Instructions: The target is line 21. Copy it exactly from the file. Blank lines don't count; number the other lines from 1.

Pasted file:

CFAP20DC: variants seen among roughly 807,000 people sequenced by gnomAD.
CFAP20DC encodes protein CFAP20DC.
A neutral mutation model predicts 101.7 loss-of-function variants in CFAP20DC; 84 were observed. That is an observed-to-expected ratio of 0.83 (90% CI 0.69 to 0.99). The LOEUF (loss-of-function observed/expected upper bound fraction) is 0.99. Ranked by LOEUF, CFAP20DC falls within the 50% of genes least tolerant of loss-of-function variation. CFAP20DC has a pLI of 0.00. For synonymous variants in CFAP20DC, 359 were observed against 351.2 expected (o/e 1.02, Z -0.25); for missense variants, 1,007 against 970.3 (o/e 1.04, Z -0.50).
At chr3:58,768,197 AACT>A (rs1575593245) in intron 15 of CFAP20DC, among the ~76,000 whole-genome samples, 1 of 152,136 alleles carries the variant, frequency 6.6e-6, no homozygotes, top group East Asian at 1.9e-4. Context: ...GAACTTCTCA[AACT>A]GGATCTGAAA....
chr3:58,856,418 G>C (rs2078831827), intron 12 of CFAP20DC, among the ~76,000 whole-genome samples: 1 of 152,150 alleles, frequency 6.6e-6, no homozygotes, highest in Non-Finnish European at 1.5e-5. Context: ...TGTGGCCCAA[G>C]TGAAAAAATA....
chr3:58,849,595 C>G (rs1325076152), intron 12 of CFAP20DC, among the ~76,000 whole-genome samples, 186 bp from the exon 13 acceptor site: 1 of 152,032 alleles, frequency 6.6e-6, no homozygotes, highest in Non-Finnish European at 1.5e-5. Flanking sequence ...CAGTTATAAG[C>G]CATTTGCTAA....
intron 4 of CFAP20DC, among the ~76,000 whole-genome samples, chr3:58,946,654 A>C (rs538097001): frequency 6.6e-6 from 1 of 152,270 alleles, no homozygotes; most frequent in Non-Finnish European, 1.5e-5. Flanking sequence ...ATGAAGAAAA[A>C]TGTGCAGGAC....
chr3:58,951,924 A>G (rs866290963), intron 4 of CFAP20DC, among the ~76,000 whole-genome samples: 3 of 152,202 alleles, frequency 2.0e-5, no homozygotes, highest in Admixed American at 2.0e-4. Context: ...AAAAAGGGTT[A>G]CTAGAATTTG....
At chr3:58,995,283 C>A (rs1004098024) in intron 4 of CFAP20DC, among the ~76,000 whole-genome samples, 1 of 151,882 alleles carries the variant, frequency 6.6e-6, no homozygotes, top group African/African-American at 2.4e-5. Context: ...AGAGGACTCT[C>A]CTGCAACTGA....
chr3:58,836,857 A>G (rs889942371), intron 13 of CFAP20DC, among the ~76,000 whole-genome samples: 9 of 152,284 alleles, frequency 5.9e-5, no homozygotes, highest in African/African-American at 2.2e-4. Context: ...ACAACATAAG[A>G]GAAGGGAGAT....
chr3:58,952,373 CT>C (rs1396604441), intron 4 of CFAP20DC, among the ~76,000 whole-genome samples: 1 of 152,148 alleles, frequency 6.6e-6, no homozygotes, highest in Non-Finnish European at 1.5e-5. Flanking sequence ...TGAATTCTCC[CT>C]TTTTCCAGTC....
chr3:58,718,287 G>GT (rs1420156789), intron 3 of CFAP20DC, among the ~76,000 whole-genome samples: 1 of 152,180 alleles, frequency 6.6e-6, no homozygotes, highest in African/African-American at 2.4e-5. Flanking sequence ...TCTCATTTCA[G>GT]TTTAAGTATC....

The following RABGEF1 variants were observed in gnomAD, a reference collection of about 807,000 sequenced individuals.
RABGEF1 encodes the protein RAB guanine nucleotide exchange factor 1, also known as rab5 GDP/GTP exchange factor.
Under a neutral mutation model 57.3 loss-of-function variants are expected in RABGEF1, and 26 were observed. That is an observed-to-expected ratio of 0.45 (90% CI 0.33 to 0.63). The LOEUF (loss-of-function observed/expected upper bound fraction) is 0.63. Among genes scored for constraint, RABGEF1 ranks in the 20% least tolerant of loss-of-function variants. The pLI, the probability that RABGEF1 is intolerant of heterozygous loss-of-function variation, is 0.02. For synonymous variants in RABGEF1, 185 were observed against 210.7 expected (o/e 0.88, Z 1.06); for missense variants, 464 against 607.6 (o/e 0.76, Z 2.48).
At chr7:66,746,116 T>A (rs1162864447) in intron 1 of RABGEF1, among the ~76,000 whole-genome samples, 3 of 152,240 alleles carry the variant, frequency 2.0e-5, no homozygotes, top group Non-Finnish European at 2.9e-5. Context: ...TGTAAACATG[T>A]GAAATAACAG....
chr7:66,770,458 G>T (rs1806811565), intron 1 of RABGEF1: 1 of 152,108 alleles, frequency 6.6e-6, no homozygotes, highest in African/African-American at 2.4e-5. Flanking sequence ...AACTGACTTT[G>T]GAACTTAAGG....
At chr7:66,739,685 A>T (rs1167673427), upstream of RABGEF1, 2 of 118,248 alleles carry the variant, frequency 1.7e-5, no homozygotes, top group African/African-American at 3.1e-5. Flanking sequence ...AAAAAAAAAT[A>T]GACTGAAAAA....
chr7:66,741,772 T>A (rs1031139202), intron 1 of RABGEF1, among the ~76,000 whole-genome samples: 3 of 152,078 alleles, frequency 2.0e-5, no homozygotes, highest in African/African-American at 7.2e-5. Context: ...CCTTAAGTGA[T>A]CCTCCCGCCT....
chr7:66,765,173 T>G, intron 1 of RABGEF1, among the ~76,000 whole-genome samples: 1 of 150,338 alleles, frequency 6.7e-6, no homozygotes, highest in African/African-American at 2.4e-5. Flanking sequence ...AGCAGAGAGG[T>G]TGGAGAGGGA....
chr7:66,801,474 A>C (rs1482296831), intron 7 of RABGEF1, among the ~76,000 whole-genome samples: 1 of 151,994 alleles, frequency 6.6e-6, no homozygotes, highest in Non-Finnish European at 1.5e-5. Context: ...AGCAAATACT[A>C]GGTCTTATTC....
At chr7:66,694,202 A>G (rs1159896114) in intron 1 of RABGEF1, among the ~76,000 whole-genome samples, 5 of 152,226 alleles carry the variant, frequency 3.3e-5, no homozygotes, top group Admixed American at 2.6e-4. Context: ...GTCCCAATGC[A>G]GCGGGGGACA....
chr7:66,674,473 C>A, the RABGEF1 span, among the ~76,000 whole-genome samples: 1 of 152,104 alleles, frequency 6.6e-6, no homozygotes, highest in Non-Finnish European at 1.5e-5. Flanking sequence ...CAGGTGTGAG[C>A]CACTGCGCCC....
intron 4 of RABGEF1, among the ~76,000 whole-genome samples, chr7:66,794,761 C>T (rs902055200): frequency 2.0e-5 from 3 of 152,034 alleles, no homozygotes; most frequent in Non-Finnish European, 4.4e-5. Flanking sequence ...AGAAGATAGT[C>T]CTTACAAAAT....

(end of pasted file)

chr7:66,801,474 A>C (rs1482296831), intron 7 of RABGEF1, among the ~76,000 whole-genome samples: 1 of 151,994 alleles, frequency 6.6e-6, no homozygotes, highest in Non-Finnish European at 1.5e-5. Context: ...AGCAAATACT[A>C]GGTCTTATTC....